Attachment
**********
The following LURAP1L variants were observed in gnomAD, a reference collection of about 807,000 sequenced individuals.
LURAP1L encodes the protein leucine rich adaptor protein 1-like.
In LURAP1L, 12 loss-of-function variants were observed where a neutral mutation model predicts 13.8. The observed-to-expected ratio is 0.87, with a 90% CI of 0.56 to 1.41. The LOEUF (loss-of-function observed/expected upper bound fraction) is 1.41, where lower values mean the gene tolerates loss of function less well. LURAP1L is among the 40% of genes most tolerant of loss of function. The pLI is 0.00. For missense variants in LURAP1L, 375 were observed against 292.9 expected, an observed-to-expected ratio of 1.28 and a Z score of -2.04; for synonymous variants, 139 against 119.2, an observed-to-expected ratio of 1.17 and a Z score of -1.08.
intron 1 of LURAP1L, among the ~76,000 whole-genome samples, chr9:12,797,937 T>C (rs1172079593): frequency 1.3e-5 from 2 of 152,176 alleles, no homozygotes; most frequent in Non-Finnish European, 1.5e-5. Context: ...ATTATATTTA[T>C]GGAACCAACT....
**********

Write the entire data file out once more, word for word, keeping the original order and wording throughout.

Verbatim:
The following LURAP1L variants were observed in gnomAD, a reference collection of about 807,000 sequenced individuals.
LURAP1L encodes the protein leucine rich adaptor protein 1-like.
In LURAP1L, 12 loss-of-function variants were observed where a neutral mutation model predicts 13.8. The observed-to-expected ratio is 0.87, with a 90% CI of 0.56 to 1.41. The LOEUF (loss-of-function observed/expected upper bound fraction) is 1.41, where lower values mean the gene tolerates loss of function less well. LURAP1L is among the 40% of genes most tolerant of loss of function. The pLI is 0.00. For missense variants in LURAP1L, 375 were observed against 292.9 expected, an observed-to-expected ratio of 1.28 and a Z score of -2.04; for synonymous variants, 139 against 119.2, an observed-to-expected ratio of 1.17 and a Z score of -1.08.
intron 1 of LURAP1L, among the ~76,000 whole-genome samples, chr9:12,797,937 T>C (rs1172079593): frequency 1.3e-5 from 2 of 152,176 alleles, no homozygotes; most frequent in Non-Finnish European, 1.5e-5. Context: ...ATTATATTTA[T>C]GGAACCAACT....